Recorded on 02/07/2007, uploaded on 02/04/2009
Musician's or Publisher's Notes
Tchaikovsky’s first ballet, Swan Lake, was composed during 1875-76 and established his reputation as a composer of ballet music. The origins of the ballet, however, are somewhat obscured. Though the Russian ballet patriarch Fyodor Lopukhov claims the ballet’s story as purely Russian, the basis of its libretto, at least in part, was the German tale Der geraubte Schleier (“The Stolen Veil”) by Johann Karl August Musäus. Furthermore, the ballet’s protagonist, Prince Siegfried, was partially based on King Ludwig II of Bavaria, sometimes referred to as “the Swan King,” and in whose life Tchaikovsky took a great interest during the ballet’s composition. On the other hand, the libretto also bears a resemblance to the Russian folktale “The White Duck.” The original author of the libretto is also unknown, though it is thought to be Vladimir Petrovich Begichev, Director of the Moscow Imperial Theatres, who commissioned the work from Tchaikovsky.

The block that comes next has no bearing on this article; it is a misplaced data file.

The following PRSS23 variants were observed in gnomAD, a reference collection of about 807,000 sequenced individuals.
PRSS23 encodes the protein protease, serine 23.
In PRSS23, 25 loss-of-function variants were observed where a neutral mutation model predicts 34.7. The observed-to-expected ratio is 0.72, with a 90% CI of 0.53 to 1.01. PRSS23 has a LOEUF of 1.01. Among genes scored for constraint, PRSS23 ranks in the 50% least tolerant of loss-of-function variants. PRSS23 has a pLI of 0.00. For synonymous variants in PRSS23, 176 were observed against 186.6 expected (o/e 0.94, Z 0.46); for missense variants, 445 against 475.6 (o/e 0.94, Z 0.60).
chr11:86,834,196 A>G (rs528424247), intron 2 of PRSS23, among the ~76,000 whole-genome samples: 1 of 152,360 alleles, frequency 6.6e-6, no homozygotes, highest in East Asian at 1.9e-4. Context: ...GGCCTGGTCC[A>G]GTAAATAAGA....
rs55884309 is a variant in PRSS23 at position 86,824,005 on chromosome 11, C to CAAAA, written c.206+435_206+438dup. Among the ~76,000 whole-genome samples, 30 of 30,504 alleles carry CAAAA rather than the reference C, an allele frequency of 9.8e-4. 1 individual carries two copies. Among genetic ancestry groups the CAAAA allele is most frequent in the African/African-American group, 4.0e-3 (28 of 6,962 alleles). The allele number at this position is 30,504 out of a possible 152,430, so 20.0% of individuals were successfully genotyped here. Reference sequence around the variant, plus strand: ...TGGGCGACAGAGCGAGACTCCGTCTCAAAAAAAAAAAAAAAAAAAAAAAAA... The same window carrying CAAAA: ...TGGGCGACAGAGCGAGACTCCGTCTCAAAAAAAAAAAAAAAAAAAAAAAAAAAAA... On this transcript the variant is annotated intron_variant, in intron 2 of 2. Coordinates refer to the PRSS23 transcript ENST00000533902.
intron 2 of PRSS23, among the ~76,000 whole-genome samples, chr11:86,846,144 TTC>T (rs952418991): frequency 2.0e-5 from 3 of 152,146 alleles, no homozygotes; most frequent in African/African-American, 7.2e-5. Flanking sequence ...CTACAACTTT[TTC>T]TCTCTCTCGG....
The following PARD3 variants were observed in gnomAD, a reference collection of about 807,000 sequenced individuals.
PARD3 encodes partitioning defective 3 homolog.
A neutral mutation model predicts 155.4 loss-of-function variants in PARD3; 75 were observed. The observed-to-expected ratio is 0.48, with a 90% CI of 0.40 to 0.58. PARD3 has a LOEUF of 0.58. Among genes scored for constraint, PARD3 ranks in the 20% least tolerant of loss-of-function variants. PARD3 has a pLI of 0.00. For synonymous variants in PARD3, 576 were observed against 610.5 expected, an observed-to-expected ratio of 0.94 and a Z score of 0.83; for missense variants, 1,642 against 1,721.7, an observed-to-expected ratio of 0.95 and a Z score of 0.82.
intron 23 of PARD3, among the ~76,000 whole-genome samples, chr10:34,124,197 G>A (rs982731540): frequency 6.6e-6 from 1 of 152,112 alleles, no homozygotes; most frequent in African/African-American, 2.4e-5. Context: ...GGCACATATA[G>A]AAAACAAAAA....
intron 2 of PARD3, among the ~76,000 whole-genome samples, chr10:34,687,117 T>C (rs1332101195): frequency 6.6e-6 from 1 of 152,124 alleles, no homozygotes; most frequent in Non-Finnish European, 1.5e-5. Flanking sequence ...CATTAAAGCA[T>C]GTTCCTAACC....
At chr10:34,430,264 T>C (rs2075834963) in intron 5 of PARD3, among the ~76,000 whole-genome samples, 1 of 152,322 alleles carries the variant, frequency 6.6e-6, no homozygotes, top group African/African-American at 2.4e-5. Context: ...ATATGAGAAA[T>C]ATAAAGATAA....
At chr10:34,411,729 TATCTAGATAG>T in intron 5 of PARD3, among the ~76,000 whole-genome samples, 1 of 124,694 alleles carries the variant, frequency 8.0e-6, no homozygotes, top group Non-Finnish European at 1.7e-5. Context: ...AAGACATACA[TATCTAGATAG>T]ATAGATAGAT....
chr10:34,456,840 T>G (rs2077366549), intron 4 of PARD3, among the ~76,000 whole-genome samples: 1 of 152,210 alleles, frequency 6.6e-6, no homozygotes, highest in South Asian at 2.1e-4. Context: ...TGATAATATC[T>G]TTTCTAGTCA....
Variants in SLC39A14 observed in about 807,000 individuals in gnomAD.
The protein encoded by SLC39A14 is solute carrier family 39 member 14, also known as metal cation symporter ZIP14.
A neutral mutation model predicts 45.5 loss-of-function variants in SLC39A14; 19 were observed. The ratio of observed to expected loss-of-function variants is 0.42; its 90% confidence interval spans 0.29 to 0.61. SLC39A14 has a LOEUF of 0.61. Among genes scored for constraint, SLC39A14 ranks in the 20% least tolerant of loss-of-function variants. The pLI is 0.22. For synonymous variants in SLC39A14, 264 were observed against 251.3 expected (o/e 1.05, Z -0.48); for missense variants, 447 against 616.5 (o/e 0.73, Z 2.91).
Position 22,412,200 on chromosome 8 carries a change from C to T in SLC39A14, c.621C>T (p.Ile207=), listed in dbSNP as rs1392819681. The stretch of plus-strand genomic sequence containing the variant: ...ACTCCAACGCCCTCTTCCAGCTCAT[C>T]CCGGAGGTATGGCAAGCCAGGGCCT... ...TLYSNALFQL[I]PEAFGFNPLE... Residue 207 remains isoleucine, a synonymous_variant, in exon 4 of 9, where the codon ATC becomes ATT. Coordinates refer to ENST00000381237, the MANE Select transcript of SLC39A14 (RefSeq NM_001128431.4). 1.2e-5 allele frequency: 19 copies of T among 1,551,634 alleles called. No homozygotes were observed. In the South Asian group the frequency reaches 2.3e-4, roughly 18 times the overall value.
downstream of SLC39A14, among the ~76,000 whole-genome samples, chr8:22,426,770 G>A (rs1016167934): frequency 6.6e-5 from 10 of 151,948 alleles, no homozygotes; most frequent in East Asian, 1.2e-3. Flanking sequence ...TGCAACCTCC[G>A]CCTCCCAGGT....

Some of the music for Swan Lake, including its famous Song of the Swans, Tchaikovsky salvaged from an earlier attempt at ballet titled The Lake of the Swans composed in 1871. Before setting to work on Begichev’s commission, Tchaikovsky studied the works of other ballet composers including Léo Delibes and Cesare Pugni. When he finally set to work in the spring 1875, the ballet was composed with great enthusiasm and completed within a year.
Swan Lake premiered on March 4, 1877 as part of a benefit concert. However, its performance was marred by poor production, ranging from the dancers to the orchestra, and Tchaikovsky’s score was the inevitable casualty. Panned by most critics for a variety of reasons, such as the complicated plot and Tchaikovsky’s overly “Wagnerian” score, only a few recognized the virtues of Tchaikovsky’s music. Despite this ill-reception, Swan Lake continued to be performed quite regularly. In the years prior to Tchaikovsky’s death in 1893, the composer was in discussions with Marius Petipa, who choreographed both The Sleeping Beauty and The Nutcracker, to stage a revival of Swan Lake. The revival did not take place until 1895, two years after the composer’s death, and has since become the bases on which most subsequent productions of the ballet are based. Joseph DuBose
Clarinet virtuoso Simeon Bellison was born in Moscow and had a busy European career before taking the post of principal clarinet for the New York Philharmonic, which he held from 1920 until 1948. He founded the Bellison Clarinet Ensemble in 1927. Bellison's choir was 75 players strong and often performed in Carnegie Hall. He personally arranged many works for this ensemble and arranged and published more than 100 works for clarinet with piano. Alexander Bedenko
Courtesy of International Music Foundation.
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